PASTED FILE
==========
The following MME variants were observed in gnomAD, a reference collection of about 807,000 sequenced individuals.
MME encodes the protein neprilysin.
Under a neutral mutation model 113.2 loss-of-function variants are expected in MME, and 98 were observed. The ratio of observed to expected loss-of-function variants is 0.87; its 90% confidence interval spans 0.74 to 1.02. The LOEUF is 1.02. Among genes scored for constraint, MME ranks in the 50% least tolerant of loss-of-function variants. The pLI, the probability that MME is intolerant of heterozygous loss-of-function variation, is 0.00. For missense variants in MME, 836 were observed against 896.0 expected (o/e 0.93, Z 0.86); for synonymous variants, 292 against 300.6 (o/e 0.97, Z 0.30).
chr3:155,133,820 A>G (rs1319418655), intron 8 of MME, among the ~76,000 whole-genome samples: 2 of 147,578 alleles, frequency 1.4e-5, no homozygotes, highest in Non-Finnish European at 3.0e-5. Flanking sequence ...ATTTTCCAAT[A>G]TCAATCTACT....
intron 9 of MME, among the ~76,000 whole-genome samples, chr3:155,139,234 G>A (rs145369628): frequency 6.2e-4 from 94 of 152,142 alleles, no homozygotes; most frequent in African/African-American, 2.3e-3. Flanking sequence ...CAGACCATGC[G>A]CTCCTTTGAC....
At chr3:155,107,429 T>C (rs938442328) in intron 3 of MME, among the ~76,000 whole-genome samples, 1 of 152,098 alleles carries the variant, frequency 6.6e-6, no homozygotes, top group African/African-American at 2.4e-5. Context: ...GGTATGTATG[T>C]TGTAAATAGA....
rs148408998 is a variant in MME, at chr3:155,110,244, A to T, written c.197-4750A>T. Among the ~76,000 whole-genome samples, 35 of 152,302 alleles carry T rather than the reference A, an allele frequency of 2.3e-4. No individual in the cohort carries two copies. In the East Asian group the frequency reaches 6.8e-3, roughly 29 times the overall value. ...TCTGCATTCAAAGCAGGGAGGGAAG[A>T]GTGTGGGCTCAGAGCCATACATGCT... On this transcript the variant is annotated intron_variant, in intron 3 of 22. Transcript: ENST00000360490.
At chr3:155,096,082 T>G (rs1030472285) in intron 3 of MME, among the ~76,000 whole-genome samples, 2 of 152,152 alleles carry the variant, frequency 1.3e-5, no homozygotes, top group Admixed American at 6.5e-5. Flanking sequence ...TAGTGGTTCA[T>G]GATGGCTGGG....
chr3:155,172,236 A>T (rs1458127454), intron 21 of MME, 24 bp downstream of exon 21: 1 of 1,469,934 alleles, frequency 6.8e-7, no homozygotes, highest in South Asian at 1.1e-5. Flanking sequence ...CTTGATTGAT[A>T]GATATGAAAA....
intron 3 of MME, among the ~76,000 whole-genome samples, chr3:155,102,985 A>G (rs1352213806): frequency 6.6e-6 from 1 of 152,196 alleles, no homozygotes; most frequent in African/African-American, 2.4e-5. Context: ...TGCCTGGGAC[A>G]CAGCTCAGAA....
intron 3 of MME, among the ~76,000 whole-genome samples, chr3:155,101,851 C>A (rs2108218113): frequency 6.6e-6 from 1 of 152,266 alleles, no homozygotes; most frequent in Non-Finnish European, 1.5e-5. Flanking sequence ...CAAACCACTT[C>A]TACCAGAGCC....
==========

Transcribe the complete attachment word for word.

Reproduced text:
The following MME variants were observed in gnomAD, a reference collection of about 807,000 sequenced individuals.
MME encodes the protein neprilysin.
Under a neutral mutation model 113.2 loss-of-function variants are expected in MME, and 98 were observed. The ratio of observed to expected loss-of-function variants is 0.87; its 90% confidence interval spans 0.74 to 1.02. The LOEUF is 1.02. Among genes scored for constraint, MME ranks in the 50% least tolerant of loss-of-function variants. The pLI, the probability that MME is intolerant of heterozygous loss-of-function variation, is 0.00. For missense variants in MME, 836 were observed against 896.0 expected (o/e 0.93, Z 0.86); for synonymous variants, 292 against 300.6 (o/e 0.97, Z 0.30).
chr3:155,133,820 A>G (rs1319418655), intron 8 of MME, among the ~76,000 whole-genome samples: 2 of 147,578 alleles, frequency 1.4e-5, no homozygotes, highest in Non-Finnish European at 3.0e-5. Flanking sequence ...ATTTTCCAAT[A>G]TCAATCTACT....
intron 9 of MME, among the ~76,000 whole-genome samples, chr3:155,139,234 G>A (rs145369628): frequency 6.2e-4 from 94 of 152,142 alleles, no homozygotes; most frequent in African/African-American, 2.3e-3. Flanking sequence ...CAGACCATGC[G>A]CTCCTTTGAC....
At chr3:155,107,429 T>C (rs938442328) in intron 3 of MME, among the ~76,000 whole-genome samples, 1 of 152,098 alleles carries the variant, frequency 6.6e-6, no homozygotes, top group African/African-American at 2.4e-5. Context: ...GGTATGTATG[T>C]TGTAAATAGA....
rs148408998 is a variant in MME, at chr3:155,110,244, A to T, written c.197-4750A>T. Among the ~76,000 whole-genome samples, 35 of 152,302 alleles carry T rather than the reference A, an allele frequency of 2.3e-4. No individual in the cohort carries two copies. In the East Asian group the frequency reaches 6.8e-3, roughly 29 times the overall value. ...TCTGCATTCAAAGCAGGGAGGGAAG[A>T]GTGTGGGCTCAGAGCCATACATGCT... On this transcript the variant is annotated intron_variant, in intron 3 of 22. Transcript: ENST00000360490.
At chr3:155,096,082 T>G (rs1030472285) in intron 3 of MME, among the ~76,000 whole-genome samples, 2 of 152,152 alleles carry the variant, frequency 1.3e-5, no homozygotes, top group Admixed American at 6.5e-5. Flanking sequence ...TAGTGGTTCA[T>G]GATGGCTGGG....
chr3:155,172,236 A>T (rs1458127454), intron 21 of MME, 24 bp downstream of exon 21: 1 of 1,469,934 alleles, frequency 6.8e-7, no homozygotes, highest in South Asian at 1.1e-5. Flanking sequence ...CTTGATTGAT[A>T]GATATGAAAA....
intron 3 of MME, among the ~76,000 whole-genome samples, chr3:155,102,985 A>G (rs1352213806): frequency 6.6e-6 from 1 of 152,196 alleles, no homozygotes; most frequent in African/African-American, 2.4e-5. Context: ...TGCCTGGGAC[A>G]CAGCTCAGAA....
intron 3 of MME, among the ~76,000 whole-genome samples, chr3:155,101,851 C>A (rs2108218113): frequency 6.6e-6 from 1 of 152,266 alleles, no homozygotes; most frequent in Non-Finnish European, 1.5e-5. Flanking sequence ...CAAACCACTT[C>A]TACCAGAGCC....